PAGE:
The Brewers wasted no time in signing 41st overall pick Jacob Gatewood, inking him to a contract that included a $1.83 million signing bonus.
Slot value for the pick was $1,384,900, meaning the Brewers will have to make up the $445,000 on other draft picks.
A year ago at this time Gatewood was considered a lock to be a top ten picking in the draft. Instead he slid all the way to the competitive balance round where the Brewers were waiting with open arms.
Gatewood,a 6'5" shortstop out of Clovis High School in California, separated himself from other prospects with his extraordinary power. Many scouts claim that his raw power tool is the best of any prospect in the draft.
His swing, at present, is designed to produce power to the pull side which it is very successful at. However that approach also comes at the expense of hard consistent contact. Gatewood's draft status fell based on his "yank-heavy" approach. The thing that startled scouts more than anything was his reluctance to move away from this approach.
When his "lift and yank" swing comes into play, his backside is collapsing, leading to the lack of consistent hard contact and many swings and misses. Hitters who struggle with staying tall on their backside usually struggle with low batting average and tons of strikeouts very early in their minor league careers. This is a problem that has plagued Brewers' minor leaguer and former first round pick Victor Roache through his career thus far. The key to Gatewood's development will be if the Brewers can rid him of the backside collapse and get him to trust his bat speed to produce power.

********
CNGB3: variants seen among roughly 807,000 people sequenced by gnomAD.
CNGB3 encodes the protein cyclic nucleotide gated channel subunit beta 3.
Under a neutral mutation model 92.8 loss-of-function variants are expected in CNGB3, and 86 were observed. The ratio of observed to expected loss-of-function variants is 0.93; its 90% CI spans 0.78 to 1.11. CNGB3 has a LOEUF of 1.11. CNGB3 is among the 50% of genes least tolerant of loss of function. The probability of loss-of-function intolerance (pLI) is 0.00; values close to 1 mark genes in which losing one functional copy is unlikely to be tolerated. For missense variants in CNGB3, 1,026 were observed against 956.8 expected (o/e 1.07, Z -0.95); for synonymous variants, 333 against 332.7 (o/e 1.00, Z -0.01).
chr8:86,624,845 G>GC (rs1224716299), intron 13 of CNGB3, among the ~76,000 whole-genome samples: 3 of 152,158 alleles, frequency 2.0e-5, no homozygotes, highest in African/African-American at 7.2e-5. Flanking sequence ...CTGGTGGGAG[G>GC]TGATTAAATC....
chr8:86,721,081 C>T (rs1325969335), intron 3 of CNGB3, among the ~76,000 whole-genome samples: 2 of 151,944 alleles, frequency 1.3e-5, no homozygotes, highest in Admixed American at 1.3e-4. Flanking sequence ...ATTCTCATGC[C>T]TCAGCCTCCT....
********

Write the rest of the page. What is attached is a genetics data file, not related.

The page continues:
With those negatives, Gatewood is still a risk worth taking for the Brewers. His power is very real already at this point in his career and will only improve. As he matures as a hitter I would expect an improved approach that leads to a more polished overall hit tool.
If the Brewers find a way to develop Gatewood as an overall hitter the sky is the limit. It remains to be seen where he will end up as a defender. As his frame fills out more, he may lose the quickness required to stay at shortstop and instead have to shift to third base.
The Brewers swung for the fences with the selection of Gatewood and that is exactly what they needed to do. Where the Brewers are strong in minor league role players that can help at the major league level; they have no potential star power. Gatewood very well could change this. If his development goes smoothly the Brewers are looking at what could be the steal of the draft.